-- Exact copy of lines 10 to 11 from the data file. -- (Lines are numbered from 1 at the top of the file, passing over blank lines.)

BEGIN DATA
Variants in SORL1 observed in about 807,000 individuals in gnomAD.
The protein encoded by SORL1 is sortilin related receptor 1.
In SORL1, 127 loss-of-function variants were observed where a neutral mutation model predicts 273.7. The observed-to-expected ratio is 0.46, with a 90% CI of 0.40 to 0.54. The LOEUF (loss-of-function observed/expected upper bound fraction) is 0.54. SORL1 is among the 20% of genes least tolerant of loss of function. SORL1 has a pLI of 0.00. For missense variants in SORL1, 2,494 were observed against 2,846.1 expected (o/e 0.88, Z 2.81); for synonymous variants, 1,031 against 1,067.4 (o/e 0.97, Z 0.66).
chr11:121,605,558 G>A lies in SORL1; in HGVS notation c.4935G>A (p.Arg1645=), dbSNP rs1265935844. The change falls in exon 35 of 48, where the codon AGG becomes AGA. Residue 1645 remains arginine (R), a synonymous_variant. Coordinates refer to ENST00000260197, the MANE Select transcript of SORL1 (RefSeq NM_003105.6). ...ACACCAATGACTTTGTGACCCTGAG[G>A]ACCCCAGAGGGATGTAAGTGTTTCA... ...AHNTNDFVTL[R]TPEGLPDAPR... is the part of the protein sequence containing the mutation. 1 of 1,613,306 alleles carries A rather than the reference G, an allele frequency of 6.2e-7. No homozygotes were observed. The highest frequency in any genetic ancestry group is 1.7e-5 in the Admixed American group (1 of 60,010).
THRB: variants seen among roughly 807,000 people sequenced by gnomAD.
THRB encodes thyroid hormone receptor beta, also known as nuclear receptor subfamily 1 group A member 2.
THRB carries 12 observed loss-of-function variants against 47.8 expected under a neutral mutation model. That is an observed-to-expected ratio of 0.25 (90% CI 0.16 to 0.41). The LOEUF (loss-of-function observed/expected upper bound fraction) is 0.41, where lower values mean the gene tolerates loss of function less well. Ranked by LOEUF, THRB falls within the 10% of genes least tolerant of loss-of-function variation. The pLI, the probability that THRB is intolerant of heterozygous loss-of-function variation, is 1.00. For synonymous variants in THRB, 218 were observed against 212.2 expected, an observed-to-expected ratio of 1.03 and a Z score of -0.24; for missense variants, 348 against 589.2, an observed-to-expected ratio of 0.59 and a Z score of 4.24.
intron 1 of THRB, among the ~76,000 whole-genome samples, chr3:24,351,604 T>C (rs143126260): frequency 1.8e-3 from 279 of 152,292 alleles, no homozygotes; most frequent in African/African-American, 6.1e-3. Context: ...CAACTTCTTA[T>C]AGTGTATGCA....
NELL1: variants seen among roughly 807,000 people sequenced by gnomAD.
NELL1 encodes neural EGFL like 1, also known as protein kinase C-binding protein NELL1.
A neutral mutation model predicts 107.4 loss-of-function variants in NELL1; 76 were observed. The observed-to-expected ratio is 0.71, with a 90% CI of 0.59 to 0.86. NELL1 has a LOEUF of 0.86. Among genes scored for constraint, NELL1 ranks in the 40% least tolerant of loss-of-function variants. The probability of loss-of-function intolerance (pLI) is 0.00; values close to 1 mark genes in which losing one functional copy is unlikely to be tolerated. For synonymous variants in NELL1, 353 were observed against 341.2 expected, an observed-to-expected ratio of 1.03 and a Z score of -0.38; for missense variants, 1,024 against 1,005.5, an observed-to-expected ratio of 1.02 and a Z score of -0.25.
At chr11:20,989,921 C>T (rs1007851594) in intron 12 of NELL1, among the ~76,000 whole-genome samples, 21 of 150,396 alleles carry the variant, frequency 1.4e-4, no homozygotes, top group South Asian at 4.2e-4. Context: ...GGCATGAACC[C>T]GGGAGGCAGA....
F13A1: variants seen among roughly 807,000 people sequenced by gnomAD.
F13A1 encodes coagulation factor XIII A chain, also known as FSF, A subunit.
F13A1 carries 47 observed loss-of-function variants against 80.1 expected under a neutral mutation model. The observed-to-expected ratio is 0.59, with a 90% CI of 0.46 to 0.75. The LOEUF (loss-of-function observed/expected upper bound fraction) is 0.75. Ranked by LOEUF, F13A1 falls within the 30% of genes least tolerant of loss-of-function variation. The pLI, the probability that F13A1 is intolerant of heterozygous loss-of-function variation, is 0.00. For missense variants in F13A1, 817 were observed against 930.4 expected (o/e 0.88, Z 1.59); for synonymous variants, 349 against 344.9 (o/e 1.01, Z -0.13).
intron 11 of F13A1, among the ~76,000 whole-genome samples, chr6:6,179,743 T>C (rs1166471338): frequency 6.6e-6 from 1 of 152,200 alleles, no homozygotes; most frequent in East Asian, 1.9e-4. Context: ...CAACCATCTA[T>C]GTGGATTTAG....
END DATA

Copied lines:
NELL1 encodes neural EGFL like 1, also known as protein kinase C-binding protein NELL1.
A neutral mutation model predicts 107.4 loss-of-function variants in NELL1; 76 were observed. The observed-to-expected ratio is 0.71, with a 90% CI of 0.59 to 0.86. NELL1 has a LOEUF of 0.86. Among genes scored for constraint, NELL1 ranks in the 40% least tolerant of loss-of-function variants. The probability of loss-of-function intolerance (pLI) is 0.00; values close to 1 mark genes in which losing one functional copy is unlikely to be tolerated. For synonymous variants in NELL1, 353 were observed against 341.2 expected, an observed-to-expected ratio of 1.03 and a Z score of -0.38; for missense variants, 1,024 against 1,005.5, an observed-to-expected ratio of 1.02 and a Z score of -0.25.